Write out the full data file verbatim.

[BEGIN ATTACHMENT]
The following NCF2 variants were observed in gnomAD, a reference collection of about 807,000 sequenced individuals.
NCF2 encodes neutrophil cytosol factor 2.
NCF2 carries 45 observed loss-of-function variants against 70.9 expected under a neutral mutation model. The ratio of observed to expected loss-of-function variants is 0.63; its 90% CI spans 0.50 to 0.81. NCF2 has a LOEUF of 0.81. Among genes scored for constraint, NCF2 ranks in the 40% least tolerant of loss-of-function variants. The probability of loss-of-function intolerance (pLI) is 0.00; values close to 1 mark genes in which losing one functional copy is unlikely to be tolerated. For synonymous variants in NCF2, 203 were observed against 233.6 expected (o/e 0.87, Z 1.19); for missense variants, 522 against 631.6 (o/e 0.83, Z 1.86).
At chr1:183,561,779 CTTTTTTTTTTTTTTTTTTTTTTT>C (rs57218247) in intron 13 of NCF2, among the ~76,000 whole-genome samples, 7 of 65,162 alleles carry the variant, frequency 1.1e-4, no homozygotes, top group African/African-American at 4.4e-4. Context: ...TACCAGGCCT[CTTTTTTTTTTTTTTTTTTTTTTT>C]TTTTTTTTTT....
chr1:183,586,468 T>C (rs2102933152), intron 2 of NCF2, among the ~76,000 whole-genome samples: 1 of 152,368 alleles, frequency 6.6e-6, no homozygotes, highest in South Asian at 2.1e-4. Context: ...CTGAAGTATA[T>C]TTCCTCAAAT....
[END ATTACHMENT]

The following NCF2 variants were observed in gnomAD, a reference collection of about 807,000 sequenced individuals.
NCF2 encodes neutrophil cytosol factor 2.
NCF2 carries 45 observed loss-of-function variants against 70.9 expected under a neutral mutation model. The ratio of observed to expected loss-of-function variants is 0.63; its 90% CI spans 0.50 to 0.81. NCF2 has a LOEUF of 0.81. Among genes scored for constraint, NCF2 ranks in the 40% least tolerant of loss-of-function variants. The probability of loss-of-function intolerance (pLI) is 0.00; values close to 1 mark genes in which losing one functional copy is unlikely to be tolerated. For synonymous variants in NCF2, 203 were observed against 233.6 expected (o/e 0.87, Z 1.19); for missense variants, 522 against 631.6 (o/e 0.83, Z 1.86).
At chr1:183,561,779 CTTTTTTTTTTTTTTTTTTTTTTT>C (rs57218247) in intron 13 of NCF2, among the ~76,000 whole-genome samples, 7 of 65,162 alleles carry the variant, frequency 1.1e-4, no homozygotes, top group African/African-American at 4.4e-4. Context: ...TACCAGGCCT[CTTTTTTTTTTTTTTTTTTTTTTT>C]TTTTTTTTTT....
chr1:183,586,468 T>C (rs2102933152), intron 2 of NCF2, among the ~76,000 whole-genome samples: 1 of 152,368 alleles, frequency 6.6e-6, no homozygotes, highest in South Asian at 2.1e-4. Context: ...CTGAAGTATA[T>C]TTCCTCAAAT....